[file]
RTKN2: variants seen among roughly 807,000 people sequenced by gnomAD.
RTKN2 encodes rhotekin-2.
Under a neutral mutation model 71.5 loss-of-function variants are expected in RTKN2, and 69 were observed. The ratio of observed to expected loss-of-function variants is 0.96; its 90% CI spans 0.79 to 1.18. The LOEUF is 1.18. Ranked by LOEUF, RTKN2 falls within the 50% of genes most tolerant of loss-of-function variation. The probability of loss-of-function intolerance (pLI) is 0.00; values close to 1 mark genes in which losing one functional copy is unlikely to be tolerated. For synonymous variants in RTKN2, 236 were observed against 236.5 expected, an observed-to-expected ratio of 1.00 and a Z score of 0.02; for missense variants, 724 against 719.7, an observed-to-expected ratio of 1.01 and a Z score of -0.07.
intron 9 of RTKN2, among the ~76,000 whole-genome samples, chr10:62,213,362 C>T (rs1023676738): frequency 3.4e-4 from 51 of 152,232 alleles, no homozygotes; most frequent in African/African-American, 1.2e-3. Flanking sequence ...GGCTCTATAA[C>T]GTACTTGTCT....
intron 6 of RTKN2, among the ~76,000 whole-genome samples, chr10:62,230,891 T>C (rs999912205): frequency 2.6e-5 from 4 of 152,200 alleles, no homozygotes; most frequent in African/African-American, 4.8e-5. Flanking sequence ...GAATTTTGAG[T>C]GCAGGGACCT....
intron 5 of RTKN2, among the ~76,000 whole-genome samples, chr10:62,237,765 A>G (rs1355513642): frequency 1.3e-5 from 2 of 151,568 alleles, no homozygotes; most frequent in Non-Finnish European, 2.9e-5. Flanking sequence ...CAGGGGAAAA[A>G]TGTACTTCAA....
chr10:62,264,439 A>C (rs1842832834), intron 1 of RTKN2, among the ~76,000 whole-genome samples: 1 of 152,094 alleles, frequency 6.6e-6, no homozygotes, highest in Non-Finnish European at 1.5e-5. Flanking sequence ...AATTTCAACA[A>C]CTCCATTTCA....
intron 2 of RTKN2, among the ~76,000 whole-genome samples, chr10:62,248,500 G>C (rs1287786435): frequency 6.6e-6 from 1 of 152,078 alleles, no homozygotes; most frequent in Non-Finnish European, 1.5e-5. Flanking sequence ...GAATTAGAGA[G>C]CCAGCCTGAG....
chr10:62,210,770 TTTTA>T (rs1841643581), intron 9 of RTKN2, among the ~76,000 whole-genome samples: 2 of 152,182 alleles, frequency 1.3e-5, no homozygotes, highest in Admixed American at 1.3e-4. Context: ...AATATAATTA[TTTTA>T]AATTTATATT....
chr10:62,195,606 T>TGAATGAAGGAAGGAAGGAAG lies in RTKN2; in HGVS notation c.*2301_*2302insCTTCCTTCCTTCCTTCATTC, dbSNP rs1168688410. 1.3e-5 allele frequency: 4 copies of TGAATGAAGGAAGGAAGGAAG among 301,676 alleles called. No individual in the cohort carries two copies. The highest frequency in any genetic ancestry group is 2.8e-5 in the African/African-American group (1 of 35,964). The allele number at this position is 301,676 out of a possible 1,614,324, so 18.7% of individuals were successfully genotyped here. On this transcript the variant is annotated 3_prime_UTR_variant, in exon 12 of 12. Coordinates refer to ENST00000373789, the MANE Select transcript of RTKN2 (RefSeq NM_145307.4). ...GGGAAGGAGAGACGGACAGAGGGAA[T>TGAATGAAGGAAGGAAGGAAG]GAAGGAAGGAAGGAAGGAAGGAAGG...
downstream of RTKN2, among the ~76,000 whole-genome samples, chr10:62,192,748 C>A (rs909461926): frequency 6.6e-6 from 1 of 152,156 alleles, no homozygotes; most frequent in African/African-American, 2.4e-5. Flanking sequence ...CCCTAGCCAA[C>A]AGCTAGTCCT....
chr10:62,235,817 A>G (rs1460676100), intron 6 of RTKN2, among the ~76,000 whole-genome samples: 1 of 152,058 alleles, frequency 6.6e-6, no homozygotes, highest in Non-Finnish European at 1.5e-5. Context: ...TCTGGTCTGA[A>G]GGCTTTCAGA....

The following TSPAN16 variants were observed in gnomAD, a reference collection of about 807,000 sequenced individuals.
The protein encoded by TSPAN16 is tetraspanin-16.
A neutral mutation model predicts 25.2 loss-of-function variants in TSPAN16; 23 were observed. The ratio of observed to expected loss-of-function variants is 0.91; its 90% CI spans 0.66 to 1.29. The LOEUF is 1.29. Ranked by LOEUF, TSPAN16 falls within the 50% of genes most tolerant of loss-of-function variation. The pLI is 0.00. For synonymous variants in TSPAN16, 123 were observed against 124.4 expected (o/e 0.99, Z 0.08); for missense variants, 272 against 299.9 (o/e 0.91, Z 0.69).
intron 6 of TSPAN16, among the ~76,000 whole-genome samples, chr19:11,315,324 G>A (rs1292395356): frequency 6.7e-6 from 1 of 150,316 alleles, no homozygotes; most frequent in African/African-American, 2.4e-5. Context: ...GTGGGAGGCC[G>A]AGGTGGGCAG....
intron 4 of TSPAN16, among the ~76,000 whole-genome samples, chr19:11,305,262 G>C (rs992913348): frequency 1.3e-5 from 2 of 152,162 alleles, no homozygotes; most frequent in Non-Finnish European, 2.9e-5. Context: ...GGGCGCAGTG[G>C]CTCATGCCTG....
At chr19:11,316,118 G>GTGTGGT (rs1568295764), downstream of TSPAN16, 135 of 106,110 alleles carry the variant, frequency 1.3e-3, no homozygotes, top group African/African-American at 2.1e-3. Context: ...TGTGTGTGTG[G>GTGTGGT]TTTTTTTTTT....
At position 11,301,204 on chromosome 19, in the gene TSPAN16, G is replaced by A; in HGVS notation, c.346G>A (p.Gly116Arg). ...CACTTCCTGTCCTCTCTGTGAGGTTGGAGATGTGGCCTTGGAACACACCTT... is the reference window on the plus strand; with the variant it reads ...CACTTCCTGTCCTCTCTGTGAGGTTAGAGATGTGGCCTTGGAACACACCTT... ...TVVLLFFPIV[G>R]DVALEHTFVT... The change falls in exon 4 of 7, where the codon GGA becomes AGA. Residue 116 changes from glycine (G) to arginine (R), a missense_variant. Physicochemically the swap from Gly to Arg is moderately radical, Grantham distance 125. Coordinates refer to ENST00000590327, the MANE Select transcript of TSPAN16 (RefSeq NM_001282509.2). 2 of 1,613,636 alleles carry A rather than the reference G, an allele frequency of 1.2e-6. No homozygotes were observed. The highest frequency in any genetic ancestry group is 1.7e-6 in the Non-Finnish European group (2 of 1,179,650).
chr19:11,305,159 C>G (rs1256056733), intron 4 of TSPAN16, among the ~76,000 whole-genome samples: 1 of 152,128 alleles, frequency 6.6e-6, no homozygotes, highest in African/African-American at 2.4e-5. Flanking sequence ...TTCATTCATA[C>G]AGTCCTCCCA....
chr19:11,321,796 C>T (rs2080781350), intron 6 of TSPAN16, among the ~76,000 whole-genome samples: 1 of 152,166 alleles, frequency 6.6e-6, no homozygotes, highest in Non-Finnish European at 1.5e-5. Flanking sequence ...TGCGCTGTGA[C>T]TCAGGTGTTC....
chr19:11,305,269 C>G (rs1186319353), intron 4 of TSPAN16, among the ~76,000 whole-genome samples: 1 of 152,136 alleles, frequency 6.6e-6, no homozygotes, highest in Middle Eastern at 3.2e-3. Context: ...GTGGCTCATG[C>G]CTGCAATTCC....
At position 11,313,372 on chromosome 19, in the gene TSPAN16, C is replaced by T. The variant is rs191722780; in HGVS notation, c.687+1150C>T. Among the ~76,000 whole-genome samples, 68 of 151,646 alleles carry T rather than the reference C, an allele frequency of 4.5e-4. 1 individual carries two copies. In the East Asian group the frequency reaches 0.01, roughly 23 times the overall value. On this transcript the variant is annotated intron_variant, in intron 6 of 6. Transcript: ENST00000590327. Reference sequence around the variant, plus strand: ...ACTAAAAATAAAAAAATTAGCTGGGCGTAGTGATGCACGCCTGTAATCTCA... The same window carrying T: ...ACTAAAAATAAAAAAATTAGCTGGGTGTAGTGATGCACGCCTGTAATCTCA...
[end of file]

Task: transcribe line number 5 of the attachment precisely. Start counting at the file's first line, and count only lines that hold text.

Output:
intron 6 of RTKN2, among the ~76,000 whole-genome samples, chr10:62,230,891 T>C (rs999912205): frequency 2.6e-5 from 4 of 152,200 alleles, no homozygotes; most frequent in African/African-American, 4.8e-5. Flanking sequence ...GAATTTTGAG[T>C]GCAGGGACCT....